Philips MI 26 2

Lanterns acquired in March 2018.

These two lanterns were installed on a short footpath at the end of my road and were the original lanterns to the footpath, following the road's construction in 1999. Attached to a couple of Stainton octagonal mid-hinged columns, the lanterns clocked up almost 20 years' service before being retired in favour of Phosco P852 13 Watt LED lanterns - a change that occurred somewhat in advance of the rest of the road's lighting.

This video shows one of the lanterns undergoing a lamp change in October 2002, in preparation for the road to be adopted by the Local Authority.

The lanterns are both in typical condition for the amount of time that they served outdoors, with their Glass-Reinforced Plastic canopies looking especially grubby. The upper lantern ended its days fitted with a Zodion SS9-DLS part-night photocell, whilst the lower lantern is switched by a Royce Thompson RTB 1065 unit. Originally, both lanterns ran Oasis 2000 (another Royce Thompson product) photocells with a 55 Lux switching setting. The lantern now fitted with the RTB 1065 is the one seen in the above video.


The lichen growth is worse on the upper lantern's canopy, though it was installed adjacent a hedge, whilst the lower lantern was installed beneath trees. The Philips logo is moulded into the approximate centre of the canopy.


The rear sections of the lanterns pull away, revealing the v-shaped clamps that secure the lanterns to their brackets. Incidentally, the brackets were also saved, as the P852 replacements are mounted post-top. Here, the newly-opened rear section of the lower lantern is especially overrun with cobwebs.


The NEMA sockets are dated to April 1998.


Polycarbonate refractor bowls offer some degree of light distribution.


Internally, the lanterns are in an altogether cleaner condition. They are equipped with an inline fuse carrier that houses a BS 1362 fuse rated at 3 A, which seems to be a means of protecting the high frequency electronic ballast. With both lanterns, the fuse carriers have been wired out, suggesting that both lanterns have required replacement ballasts in their respective lifetimes.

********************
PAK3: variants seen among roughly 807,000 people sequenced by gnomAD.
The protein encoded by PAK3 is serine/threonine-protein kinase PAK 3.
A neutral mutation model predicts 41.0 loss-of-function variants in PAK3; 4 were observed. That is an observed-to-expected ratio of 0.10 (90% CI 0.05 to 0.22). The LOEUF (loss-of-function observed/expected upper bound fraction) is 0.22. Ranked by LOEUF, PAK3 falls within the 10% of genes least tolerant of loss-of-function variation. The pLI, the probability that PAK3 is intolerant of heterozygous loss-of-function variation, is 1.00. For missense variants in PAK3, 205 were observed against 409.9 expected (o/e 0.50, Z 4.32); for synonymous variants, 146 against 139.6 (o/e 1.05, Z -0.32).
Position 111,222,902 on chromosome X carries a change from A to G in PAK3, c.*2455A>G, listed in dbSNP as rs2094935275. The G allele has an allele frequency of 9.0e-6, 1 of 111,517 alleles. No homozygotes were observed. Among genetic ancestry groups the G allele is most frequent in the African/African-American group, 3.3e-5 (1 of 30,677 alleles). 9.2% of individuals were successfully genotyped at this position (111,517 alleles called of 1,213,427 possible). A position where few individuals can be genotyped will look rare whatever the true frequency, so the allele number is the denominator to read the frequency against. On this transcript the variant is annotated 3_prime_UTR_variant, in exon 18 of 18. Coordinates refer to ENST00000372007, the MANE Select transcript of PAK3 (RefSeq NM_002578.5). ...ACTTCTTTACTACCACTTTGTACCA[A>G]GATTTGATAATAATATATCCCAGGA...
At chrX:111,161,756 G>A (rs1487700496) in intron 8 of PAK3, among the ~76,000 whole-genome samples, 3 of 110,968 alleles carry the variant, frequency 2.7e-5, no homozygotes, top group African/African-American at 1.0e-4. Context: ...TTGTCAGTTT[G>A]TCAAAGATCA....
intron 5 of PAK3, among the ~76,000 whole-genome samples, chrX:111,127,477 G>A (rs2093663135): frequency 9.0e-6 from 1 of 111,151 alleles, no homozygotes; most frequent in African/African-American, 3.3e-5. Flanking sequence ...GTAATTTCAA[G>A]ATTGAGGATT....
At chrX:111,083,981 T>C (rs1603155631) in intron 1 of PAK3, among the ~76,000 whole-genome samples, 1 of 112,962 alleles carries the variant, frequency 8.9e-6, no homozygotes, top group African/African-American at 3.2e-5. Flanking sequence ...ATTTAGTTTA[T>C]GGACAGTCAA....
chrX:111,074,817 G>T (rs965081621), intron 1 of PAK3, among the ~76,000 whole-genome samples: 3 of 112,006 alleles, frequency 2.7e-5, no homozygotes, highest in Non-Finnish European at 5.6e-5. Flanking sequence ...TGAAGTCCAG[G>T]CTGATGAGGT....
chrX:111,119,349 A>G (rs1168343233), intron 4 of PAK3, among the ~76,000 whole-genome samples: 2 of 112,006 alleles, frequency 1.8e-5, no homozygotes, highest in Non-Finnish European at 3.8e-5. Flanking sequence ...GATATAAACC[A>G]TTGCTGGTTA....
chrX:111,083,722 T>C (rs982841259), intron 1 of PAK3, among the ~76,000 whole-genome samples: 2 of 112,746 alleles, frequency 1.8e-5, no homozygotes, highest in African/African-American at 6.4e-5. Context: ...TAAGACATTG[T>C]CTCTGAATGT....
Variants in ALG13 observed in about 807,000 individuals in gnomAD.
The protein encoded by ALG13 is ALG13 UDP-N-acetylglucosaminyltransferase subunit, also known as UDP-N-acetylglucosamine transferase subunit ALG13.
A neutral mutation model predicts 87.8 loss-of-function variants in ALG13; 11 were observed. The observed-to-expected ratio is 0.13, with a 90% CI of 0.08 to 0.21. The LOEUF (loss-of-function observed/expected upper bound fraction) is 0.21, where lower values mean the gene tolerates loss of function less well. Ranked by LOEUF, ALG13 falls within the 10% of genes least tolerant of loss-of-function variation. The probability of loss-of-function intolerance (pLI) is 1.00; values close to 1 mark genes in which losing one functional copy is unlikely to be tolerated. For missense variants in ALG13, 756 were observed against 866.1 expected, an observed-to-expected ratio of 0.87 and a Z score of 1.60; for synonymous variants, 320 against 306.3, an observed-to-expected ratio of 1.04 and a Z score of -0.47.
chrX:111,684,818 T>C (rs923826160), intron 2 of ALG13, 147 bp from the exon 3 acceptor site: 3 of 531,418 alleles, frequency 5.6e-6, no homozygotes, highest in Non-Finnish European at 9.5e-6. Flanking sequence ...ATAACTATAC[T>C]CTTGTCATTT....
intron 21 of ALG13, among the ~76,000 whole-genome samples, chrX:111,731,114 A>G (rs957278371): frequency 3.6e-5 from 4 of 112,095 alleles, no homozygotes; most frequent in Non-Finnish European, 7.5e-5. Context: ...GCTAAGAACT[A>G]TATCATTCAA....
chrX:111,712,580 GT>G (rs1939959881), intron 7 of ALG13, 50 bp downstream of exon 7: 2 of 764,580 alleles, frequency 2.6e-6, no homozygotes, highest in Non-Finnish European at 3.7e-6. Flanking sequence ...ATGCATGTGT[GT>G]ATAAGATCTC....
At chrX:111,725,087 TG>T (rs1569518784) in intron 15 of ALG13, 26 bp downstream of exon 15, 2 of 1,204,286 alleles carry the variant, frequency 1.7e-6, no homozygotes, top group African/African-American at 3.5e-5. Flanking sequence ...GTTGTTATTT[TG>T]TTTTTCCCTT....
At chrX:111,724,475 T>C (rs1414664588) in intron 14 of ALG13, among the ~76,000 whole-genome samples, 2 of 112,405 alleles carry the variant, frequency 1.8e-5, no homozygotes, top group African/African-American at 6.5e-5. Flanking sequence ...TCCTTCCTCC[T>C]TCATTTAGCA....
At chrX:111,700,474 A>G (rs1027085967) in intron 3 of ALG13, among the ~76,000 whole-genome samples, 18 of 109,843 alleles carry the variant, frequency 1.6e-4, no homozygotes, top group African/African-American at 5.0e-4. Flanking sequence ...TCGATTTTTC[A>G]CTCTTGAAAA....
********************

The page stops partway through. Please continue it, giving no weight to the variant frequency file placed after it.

The internal labels provide some interesting information - when these lanterns were made, they were still known as MI 26s in the UK; the more global 'XGS 103' designation not being used until the early 2000s. The lanterns were made at the Philips factory in Hamilton, Scotland ('HN') in June 1998 (8F).


The lamp in the lower lantern dates from October 2007, having been fitted second-hand in 2017.


The one-piece electronic gear units are located on the inverse of the lamp reflector. Originally, the reflectors were attached to the insides of the canopies but now hang loose by the internal wiring, owing to the plastic supports long having snapped. Owing to the MI 26 having been designed with conventional gear components in mind (that attached to the inside of the canopy too), the electronic gear version is something of an adaptation. The canopy moulding was not updated to feature the screw pitch of the new ballast (not that it would fit particularly well, owing to the position of the NEMA socket) and so, whilst the ballast does fit on the reflector, a corner of its circuit board has to be cut away in the factory during assembly of the lantern, as otherwise, the corner fouls one of the fixing hole screw points for the reflector. As the replacement ballasts do not have the corner cut away, if all are intact, this suggests that the lantern has received a new ballast at some point. Owing to this design flaw, the ballast in the upper lantern is only supported at one end, whereas, on the lower lantern, one of the reflector securing screws has been removed.


The v-shaped clamp seen earlier grips the bracket pipe when these two nuts at the back of the lantern are tightened. A stamped-on date nearby suggests that the canopy was made on the 30th March 1998 (it is the 28th March for the other lantern)'s where things became extremely spooky - this date twenty years later was when the lanterns were removed from service. The 30th March 1998 is also the date that a Thorn Gamma 6 replaced the GEC Z5698U on the column behind my old house - the installation that formed the genesis of my street lighting interest - everything happens for a reason!